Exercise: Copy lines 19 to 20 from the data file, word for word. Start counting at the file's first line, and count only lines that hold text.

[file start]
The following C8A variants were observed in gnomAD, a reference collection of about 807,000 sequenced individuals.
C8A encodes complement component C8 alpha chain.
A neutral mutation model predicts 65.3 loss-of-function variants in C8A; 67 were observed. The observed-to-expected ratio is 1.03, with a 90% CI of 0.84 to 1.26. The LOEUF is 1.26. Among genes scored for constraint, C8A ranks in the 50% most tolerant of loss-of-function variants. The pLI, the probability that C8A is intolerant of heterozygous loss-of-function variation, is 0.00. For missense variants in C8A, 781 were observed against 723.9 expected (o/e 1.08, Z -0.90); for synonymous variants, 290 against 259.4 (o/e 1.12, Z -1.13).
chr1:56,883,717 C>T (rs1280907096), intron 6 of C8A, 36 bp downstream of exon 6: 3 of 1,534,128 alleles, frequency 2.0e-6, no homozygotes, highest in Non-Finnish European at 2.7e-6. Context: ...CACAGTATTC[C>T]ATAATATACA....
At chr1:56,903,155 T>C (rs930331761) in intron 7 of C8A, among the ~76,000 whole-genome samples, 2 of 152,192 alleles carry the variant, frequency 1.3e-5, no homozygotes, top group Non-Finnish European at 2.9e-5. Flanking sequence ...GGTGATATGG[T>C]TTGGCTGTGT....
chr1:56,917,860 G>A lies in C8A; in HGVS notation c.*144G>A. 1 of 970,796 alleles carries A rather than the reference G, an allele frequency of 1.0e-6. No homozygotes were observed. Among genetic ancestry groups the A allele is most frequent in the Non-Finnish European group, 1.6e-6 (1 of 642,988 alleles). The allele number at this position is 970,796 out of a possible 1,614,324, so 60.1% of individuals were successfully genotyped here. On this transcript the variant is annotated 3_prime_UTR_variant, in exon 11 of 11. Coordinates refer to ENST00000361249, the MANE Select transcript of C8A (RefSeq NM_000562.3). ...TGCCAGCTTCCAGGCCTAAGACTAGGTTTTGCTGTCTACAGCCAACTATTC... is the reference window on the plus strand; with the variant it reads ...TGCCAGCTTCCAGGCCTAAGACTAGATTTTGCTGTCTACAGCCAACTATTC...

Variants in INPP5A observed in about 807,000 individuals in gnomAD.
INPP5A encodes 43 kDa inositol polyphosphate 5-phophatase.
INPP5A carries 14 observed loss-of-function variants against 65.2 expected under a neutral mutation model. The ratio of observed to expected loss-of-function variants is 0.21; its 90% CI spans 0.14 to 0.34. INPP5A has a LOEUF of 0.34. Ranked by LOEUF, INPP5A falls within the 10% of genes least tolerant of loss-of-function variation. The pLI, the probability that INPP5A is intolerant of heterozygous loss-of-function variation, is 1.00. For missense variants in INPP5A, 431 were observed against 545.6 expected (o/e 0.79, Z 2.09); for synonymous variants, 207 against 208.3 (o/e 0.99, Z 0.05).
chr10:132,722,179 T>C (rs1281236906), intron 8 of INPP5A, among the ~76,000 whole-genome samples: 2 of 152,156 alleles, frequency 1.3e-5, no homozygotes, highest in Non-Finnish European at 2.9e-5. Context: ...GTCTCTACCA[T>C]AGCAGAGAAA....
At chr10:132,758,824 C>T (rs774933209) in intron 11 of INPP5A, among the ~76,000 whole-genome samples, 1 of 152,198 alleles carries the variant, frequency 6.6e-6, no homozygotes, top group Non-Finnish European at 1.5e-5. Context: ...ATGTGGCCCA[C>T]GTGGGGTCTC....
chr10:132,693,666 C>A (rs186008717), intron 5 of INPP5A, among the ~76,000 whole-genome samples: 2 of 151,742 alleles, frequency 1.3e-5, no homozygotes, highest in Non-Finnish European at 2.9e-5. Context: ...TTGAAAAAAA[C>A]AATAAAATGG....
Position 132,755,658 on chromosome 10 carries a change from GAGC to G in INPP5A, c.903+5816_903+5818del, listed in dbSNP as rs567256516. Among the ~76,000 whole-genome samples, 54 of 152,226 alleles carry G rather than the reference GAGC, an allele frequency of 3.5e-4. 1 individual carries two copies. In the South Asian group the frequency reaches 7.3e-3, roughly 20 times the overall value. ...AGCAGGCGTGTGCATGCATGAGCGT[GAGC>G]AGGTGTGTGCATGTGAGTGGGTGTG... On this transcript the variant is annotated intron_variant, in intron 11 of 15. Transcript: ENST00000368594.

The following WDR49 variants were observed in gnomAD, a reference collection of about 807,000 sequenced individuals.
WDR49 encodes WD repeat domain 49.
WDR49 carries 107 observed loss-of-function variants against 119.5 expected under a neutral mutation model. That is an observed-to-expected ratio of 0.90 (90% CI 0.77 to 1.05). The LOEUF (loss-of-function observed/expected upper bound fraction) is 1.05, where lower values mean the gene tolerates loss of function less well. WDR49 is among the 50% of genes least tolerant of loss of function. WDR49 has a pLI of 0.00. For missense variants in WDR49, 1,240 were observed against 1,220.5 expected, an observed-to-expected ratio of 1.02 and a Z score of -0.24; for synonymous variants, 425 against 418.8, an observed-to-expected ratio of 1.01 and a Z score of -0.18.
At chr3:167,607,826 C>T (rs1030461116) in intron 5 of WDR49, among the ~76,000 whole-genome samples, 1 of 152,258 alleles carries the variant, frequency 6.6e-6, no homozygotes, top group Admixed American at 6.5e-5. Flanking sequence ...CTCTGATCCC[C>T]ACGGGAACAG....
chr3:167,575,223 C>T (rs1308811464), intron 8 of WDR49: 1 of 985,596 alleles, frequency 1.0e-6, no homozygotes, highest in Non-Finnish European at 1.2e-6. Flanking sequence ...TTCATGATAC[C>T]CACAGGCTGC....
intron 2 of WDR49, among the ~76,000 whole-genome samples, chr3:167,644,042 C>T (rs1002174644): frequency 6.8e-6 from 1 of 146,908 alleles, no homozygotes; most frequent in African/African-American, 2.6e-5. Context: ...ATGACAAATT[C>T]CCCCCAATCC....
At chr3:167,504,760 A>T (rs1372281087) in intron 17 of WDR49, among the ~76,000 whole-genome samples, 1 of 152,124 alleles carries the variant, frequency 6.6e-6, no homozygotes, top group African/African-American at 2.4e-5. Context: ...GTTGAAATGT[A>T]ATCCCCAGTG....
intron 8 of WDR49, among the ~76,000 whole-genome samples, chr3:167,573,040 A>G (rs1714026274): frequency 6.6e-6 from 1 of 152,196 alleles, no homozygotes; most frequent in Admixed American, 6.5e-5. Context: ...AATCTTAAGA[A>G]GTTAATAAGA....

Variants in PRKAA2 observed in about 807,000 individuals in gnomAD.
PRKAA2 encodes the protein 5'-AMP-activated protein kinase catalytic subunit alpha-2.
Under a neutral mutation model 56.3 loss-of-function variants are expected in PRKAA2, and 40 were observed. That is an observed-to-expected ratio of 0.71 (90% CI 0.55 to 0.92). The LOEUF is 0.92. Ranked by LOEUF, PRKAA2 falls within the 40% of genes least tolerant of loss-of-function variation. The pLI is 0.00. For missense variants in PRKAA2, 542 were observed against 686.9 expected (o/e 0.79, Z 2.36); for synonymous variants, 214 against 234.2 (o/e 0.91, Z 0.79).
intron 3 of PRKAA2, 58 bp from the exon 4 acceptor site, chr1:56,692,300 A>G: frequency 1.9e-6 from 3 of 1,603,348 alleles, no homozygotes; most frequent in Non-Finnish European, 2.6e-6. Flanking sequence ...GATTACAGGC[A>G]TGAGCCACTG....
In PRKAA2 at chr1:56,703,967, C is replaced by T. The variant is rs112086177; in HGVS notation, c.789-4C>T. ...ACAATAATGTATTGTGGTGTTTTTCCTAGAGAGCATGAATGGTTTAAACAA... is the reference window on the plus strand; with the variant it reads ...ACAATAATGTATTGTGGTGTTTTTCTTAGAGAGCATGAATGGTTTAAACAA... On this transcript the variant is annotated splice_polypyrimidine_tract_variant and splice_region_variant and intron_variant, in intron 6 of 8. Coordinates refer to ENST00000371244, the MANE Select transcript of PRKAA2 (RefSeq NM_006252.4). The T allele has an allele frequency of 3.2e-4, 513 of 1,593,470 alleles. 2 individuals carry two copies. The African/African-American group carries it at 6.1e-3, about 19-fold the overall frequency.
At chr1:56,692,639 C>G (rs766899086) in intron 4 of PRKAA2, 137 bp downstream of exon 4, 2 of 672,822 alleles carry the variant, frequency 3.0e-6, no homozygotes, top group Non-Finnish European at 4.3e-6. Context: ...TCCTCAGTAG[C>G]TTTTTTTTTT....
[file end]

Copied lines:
intron 2 of WDR49, among the ~76,000 whole-genome samples, chr3:167,644,042 C>T (rs1002174644): frequency 6.8e-6 from 1 of 146,908 alleles, no homozygotes; most frequent in African/African-American, 2.6e-5. Context: ...ATGACAAATT[C>T]CCCCCAATCC....
At chr3:167,504,760 A>T (rs1372281087) in intron 17 of WDR49, among the ~76,000 whole-genome samples, 1 of 152,124 alleles carries the variant, frequency 6.6e-6, no homozygotes, top group African/African-American at 2.4e-5. Context: ...GTTGAAATGT[A>T]ATCCCCAGTG....